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Understanding mental health issues in wake of school shootings

BEAUMONT - by Ashley Gaston - On a day when families have begun burying some of the young victims in the Connecticut school shooting, Law enforcement officers there and people across the nation are asking if there were any warning signs. 

Did the killer, Adam Lanza suffer from mental health problems that might have been a factor in what happened?

The answers are far from clear.

A woman who has spent many years with organizations that address mental health issues believes there had to be warning signs.
“If only I could reach my children, stress and anxiety…”

Jayne Bordelon is describing a painting that lines the wall inside the entry way of Mental Health of America of Southeast Texas in downtown Beaumont.

Bordelon is the Executive Director.  She says the art is a form of therapy for people diagnosed with mental health problems.

“Hands holding hands would be such an emotional painting to look at,” said Bordelon.

Adults and children create the paintings at a center in Beaumont that treats people with mental health problems.

"Look at this. There's still peace and calm, but anxiety of how to reach your children," said Bordelon.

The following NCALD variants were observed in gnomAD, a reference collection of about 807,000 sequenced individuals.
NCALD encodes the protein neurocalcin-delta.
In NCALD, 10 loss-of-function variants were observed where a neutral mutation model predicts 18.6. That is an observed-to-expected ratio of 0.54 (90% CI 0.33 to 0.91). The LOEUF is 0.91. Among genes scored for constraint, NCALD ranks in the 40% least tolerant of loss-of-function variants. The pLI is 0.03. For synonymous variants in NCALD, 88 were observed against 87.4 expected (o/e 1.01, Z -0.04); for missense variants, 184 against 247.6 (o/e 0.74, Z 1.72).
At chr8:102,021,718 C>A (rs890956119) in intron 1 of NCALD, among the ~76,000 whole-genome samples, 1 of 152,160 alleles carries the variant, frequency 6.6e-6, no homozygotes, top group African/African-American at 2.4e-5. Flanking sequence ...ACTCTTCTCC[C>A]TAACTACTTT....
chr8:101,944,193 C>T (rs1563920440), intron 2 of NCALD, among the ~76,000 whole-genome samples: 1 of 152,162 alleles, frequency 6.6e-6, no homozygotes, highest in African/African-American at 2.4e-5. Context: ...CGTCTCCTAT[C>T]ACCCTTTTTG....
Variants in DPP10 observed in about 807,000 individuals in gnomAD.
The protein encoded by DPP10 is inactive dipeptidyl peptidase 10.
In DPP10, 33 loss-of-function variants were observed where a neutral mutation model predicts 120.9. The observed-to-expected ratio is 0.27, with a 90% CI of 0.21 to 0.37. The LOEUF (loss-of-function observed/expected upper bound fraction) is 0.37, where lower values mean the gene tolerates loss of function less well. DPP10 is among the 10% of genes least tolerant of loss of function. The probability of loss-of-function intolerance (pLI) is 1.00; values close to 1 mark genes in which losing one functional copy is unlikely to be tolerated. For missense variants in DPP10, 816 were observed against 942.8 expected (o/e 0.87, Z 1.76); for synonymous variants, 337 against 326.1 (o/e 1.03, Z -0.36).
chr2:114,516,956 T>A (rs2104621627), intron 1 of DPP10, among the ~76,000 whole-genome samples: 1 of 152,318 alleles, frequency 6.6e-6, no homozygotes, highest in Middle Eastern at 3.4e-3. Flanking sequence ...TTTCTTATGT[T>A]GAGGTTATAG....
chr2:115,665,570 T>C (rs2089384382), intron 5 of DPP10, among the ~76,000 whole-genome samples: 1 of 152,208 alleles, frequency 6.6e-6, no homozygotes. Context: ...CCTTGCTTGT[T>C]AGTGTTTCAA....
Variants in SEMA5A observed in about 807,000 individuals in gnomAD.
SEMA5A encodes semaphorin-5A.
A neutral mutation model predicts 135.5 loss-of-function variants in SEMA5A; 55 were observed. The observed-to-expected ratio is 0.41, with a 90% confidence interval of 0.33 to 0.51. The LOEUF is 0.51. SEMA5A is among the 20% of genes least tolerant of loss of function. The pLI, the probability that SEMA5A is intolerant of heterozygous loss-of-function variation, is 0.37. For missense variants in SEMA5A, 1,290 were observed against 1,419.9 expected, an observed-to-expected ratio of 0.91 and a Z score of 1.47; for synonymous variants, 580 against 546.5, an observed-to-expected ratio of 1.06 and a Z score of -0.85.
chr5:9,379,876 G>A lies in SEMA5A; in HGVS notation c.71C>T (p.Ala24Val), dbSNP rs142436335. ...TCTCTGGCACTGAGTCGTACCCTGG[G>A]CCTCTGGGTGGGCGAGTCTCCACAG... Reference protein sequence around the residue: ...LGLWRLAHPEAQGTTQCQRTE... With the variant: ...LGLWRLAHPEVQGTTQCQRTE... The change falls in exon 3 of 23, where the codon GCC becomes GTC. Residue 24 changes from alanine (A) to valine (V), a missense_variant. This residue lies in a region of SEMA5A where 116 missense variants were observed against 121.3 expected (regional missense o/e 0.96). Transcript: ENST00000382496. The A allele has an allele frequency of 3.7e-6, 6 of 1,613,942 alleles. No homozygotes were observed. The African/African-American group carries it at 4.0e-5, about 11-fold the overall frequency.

Bordelon knows 1st hand what it's like to search for peace and joy. She suffered with severe depression for 30 years before she was diagnosed.

“If families have children who have issues, families need to reach out and not be afraid,” said Bordelon.

Bordelon says it's clear from information now coming to light, Adam Lanza's family was aware he had problems long before Lanza shot and killed 20 children and 6 adults at the Connecticut Elementary School.

Bordelon says families are often hesitant to reach out.

“We're not communicating socially.  I can't tell you how many people I deal with regularly that call up here and need help for a violent family member,” said Bordelon.

Bordelon says that phone call is the first step for many families and through therapy people with mental illness can begin healing and truly living.

This is not the dark side of mental illness at all, this represents hope and change.

Bordelon says Texas ranks 50th in the nation in funding for mental health.
Understanding mental health issues in wake of school shootings

Monday, December 17 2012, 11:20 PM CST
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